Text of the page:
1. You’ll be surprised how useful function constructors can be. Take a MVC framework. SAay you need a global function for a controller but as usual to override the main constructor would mean to do:

      function __constructor(){

      This can sometimes change the default required behaviour of some functions within the base controller class and can create undesired effects. To overcome this you can use a function constructor like so:

      function session(){
      //no need to call or potientially change parent behaviour 🙂

      But yea your right in that particular class it is best to use a __constructor method to assign default behaviour.

      1. Any descent MVC will have a preDispatch and postDispatch callbacks for that purpose. You should avoid overriding default constructor behavior unless you really have to. And sometimes they would not even let you do it by making the constructor final.

    2. I don’t delete due to how my sessions work. If I delete a session the only way to ressurect session data would be to store it on user machine in the form of cookies and just trust that their cookies are right. To allow for the most accurate form of judging whether a user is online atm or not I have made session lifetime about 2 mins. This, from many trail and error methods is the most reliable way in PHP to understand if a user has lef the site or not. Your right I could use a physical program like facebook does to understand online users etc, and I might actually but yea I just made this one to work only with PHP.

      I think the amp is what wordpress actually did to my code, it seems to change it once every so oftern, thanks for the heads up.

      I instead run a cronjob that does the job after say a day of inactivity.

    3. “Any descent MVC will have a preDispatch and postDispatch callbacks for that purpose. You should avoid overriding default constructor behavior unless you really have to. And sometimes they would not even let you do it by making the constructor final.”

      Noted :), I’ll update my own knowledge to reflect. I did actually think of doing that way using callbacks in my own mvc at first but I dunno why I just chose to use function constructors instead. Though it looked cleaner.

    4. I did find a slight problem with your constructor idea. I recoded this today and found out php physically does not support a __constructor within the session handler class. Had to use function constructor instead. Not so old school after all :P. Found theres a lot more php core override classes that cannot take __constructor functions either.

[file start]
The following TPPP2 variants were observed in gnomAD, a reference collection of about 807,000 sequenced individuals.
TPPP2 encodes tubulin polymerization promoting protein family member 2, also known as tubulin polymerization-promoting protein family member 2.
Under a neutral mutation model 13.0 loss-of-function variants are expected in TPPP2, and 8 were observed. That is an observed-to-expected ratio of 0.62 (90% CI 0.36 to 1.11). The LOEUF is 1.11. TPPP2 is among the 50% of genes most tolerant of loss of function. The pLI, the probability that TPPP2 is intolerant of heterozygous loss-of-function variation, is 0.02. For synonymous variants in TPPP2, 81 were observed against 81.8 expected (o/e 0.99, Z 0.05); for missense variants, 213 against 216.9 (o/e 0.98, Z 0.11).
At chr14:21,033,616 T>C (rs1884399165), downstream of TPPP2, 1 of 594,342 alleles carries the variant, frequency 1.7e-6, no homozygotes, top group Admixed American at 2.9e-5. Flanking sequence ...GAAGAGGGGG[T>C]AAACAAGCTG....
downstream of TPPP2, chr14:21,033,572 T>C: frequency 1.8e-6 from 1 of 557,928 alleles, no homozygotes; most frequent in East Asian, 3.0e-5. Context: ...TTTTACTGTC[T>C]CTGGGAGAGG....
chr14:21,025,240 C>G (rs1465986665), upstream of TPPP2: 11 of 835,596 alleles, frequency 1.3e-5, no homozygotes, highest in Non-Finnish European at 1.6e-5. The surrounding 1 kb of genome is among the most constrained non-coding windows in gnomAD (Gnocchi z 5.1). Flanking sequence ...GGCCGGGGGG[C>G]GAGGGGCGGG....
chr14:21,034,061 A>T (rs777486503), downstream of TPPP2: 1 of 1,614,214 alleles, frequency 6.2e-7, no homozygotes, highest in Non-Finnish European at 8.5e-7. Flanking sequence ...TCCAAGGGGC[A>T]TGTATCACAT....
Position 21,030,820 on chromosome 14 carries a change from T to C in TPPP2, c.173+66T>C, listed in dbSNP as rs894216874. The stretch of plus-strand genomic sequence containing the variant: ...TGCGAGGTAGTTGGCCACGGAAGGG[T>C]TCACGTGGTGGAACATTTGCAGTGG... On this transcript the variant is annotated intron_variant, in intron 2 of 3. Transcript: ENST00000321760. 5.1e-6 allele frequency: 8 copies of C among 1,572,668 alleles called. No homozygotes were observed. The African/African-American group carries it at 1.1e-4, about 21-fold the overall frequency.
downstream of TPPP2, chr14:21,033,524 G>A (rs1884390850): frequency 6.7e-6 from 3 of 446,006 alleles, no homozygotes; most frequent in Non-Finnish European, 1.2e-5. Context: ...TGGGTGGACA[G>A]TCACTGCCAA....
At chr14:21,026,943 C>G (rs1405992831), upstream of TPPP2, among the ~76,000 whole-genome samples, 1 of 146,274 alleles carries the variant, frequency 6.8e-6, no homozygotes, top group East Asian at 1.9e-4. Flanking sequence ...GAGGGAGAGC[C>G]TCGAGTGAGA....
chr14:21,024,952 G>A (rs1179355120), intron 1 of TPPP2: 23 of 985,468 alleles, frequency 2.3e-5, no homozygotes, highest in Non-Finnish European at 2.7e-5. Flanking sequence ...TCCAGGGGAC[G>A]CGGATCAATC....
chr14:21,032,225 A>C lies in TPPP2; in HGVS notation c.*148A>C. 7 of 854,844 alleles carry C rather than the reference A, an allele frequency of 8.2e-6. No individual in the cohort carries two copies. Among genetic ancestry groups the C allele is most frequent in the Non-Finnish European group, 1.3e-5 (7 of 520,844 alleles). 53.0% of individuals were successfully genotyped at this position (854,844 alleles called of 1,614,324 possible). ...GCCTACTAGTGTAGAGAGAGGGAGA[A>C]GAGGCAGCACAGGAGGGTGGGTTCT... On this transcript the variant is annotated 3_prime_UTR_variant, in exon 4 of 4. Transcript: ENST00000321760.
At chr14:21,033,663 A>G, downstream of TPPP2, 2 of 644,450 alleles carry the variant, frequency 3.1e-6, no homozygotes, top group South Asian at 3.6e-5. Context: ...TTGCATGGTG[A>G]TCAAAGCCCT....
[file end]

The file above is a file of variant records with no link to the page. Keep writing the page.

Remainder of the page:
I knew there was a reason why I didn’t use __constructor originally.

  2. Because it’s not constructor, it’s construct 🙂


    class SessionHandler
    public function __construct($argument)
    echo "[Constructed: {$argument}]" . '’;

    array($this, ‘open’),
    array($this, ‘close’),
    array($this, ‘read’),
    array($this, ‘write’),
    array($this, ‘destroy’),
    array($this, ‘gc’)

    public function __destruct()
    echo ‘[Destructed]’ . ”;

    public function open() { echo ‘open’ . ”; }
    public function close() { echo ‘close’ . ”; }
    public function read($sid) { echo “read {$sid}”. ”; }
    public function write($sid, $data) { echo “write [{$sid}: {$data}]” . ”; }
    public function destroy() { echo ‘destroy’ . ”; }
    public function gc() { echo ‘gc’ . ”; }

    // setup
    $sh = new SessionHandler(‘arg_data’);

    1. Oh oops I must have been high or something lol. Yea retried it and it worked dunno why I wrote __constructor(). Thanks 🙂

Leave a Reply

Fill in your details below or click an icon to log in: Logo

You are commenting using your account. Log Out / Change )

Twitter picture

You are commenting using your Twitter account. Log Out / Change )

Facebook photo

You are commenting using your Facebook account. Log Out / Change )

Google+ photo

You are commenting using your Google+ account. Log Out / Change )

Connecting to %s